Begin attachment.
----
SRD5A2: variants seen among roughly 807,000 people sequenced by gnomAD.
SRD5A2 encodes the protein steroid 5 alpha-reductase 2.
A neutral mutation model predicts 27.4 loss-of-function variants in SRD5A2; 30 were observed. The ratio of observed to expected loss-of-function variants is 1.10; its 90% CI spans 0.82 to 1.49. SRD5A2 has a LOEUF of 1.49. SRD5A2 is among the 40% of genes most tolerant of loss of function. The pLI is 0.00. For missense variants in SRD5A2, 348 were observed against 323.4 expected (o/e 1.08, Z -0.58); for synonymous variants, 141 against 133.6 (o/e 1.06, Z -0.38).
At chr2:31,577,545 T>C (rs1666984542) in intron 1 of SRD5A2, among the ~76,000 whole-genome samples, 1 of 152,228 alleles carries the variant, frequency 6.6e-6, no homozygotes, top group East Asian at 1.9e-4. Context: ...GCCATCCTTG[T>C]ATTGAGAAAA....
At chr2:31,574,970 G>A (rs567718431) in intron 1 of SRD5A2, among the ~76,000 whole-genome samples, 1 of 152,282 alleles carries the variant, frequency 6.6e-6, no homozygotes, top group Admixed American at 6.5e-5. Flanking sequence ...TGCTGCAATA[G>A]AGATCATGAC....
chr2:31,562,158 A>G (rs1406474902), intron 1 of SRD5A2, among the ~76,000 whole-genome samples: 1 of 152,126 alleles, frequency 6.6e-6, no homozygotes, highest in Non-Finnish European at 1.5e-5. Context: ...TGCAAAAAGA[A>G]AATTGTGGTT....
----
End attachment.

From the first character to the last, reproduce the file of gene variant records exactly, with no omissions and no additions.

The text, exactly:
SRD5A2: variants seen among roughly 807,000 people sequenced by gnomAD.
SRD5A2 encodes the protein steroid 5 alpha-reductase 2.
A neutral mutation model predicts 27.4 loss-of-function variants in SRD5A2; 30 were observed. The ratio of observed to expected loss-of-function variants is 1.10; its 90% CI spans 0.82 to 1.49. SRD5A2 has a LOEUF of 1.49. SRD5A2 is among the 40% of genes most tolerant of loss of function. The pLI is 0.00. For missense variants in SRD5A2, 348 were observed against 323.4 expected (o/e 1.08, Z -0.58); for synonymous variants, 141 against 133.6 (o/e 1.06, Z -0.38).
At chr2:31,577,545 T>C (rs1666984542) in intron 1 of SRD5A2, among the ~76,000 whole-genome samples, 1 of 152,228 alleles carries the variant, frequency 6.6e-6, no homozygotes, top group East Asian at 1.9e-4. Context: ...GCCATCCTTG[T>C]ATTGAGAAAA....
At chr2:31,574,970 G>A (rs567718431) in intron 1 of SRD5A2, among the ~76,000 whole-genome samples, 1 of 152,282 alleles carries the variant, frequency 6.6e-6, no homozygotes, top group Admixed American at 6.5e-5. Flanking sequence ...TGCTGCAATA[G>A]AGATCATGAC....
chr2:31,562,158 A>G (rs1406474902), intron 1 of SRD5A2, among the ~76,000 whole-genome samples: 1 of 152,126 alleles, frequency 6.6e-6, no homozygotes, highest in Non-Finnish European at 1.5e-5. Context: ...TGCAAAAAGA[A>G]AATTGTGGTT....